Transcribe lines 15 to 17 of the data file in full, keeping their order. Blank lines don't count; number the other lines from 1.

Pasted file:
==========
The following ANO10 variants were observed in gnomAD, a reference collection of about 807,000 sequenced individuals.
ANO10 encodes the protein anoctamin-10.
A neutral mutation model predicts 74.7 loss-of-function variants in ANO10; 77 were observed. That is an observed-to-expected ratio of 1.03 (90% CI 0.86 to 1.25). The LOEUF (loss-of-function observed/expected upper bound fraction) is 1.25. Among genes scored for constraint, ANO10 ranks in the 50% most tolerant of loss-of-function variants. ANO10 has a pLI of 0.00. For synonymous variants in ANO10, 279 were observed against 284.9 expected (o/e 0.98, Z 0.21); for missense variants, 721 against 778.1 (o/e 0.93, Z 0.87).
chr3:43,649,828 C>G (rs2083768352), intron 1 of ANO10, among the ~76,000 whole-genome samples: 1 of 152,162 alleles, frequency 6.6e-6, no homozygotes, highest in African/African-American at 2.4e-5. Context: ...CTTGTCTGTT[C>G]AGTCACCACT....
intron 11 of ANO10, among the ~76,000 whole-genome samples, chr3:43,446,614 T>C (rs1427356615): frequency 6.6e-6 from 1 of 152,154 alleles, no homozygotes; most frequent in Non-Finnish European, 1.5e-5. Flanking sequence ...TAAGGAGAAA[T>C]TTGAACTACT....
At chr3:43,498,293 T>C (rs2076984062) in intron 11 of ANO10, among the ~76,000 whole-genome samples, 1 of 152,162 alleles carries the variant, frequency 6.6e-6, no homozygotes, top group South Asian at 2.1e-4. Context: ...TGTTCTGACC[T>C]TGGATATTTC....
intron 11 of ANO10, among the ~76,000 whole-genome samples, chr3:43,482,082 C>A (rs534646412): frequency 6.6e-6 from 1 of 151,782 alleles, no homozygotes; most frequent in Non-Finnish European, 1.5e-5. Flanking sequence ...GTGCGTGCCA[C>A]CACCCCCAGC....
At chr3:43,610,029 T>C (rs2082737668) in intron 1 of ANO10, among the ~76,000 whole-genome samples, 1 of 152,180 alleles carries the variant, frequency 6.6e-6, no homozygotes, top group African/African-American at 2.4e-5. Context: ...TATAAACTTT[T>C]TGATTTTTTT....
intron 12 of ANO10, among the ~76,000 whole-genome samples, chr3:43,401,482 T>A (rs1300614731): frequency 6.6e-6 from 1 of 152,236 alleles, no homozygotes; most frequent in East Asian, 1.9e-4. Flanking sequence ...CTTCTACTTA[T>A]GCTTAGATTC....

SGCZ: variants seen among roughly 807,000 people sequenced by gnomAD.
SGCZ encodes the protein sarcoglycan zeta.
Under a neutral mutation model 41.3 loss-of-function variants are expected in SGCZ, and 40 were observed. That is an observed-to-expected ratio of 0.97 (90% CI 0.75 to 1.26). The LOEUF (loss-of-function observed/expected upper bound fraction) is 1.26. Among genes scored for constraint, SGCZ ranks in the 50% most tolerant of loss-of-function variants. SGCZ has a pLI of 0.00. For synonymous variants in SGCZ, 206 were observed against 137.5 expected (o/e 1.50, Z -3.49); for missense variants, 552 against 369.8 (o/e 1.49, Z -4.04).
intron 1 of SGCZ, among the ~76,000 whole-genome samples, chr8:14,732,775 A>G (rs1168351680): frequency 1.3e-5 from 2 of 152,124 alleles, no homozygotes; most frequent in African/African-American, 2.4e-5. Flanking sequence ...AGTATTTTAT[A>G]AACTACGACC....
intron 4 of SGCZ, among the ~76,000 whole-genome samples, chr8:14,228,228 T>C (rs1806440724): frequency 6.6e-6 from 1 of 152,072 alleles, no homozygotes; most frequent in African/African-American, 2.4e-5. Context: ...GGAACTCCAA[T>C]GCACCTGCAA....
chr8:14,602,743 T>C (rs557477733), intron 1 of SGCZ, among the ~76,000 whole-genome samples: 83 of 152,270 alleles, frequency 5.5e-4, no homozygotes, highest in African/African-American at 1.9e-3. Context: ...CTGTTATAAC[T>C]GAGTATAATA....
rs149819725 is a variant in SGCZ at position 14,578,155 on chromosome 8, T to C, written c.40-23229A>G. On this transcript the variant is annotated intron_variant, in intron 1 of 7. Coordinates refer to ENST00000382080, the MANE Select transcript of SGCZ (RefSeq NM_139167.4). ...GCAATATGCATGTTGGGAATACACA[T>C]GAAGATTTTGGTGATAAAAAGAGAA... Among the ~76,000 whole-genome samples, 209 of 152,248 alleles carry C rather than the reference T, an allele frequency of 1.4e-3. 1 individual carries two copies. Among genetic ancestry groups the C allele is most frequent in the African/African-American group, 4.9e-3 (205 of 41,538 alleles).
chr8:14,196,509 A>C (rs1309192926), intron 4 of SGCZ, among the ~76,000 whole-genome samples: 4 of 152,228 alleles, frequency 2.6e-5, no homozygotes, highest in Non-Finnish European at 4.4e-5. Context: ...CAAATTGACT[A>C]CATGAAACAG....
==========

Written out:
chr8:14,602,743 T>C (rs557477733), intron 1 of SGCZ, among the ~76,000 whole-genome samples: 83 of 152,270 alleles, frequency 5.5e-4, no homozygotes, highest in African/African-American at 1.9e-3. Context: ...CTGTTATAAC[T>C]GAGTATAATA....
rs149819725 is a variant in SGCZ at position 14,578,155 on chromosome 8, T to C, written c.40-23229A>G. On this transcript the variant is annotated intron_variant, in intron 1 of 7. Coordinates refer to ENST00000382080, the MANE Select transcript of SGCZ (RefSeq NM_139167.4). ...GCAATATGCATGTTGGGAATACACA[T>C]GAAGATTTTGGTGATAAAAAGAGAA... Among the ~76,000 whole-genome samples, 209 of 152,248 alleles carry C rather than the reference T, an allele frequency of 1.4e-3. 1 individual carries two copies. Among genetic ancestry groups the C allele is most frequent in the African/African-American group, 4.9e-3 (205 of 41,538 alleles).
chr8:14,196,509 A>C (rs1309192926), intron 4 of SGCZ, among the ~76,000 whole-genome samples: 4 of 152,228 alleles, frequency 2.6e-5, no homozygotes, highest in Non-Finnish European at 4.4e-5. Context: ...CAAATTGACT[A>C]CATGAAACAG....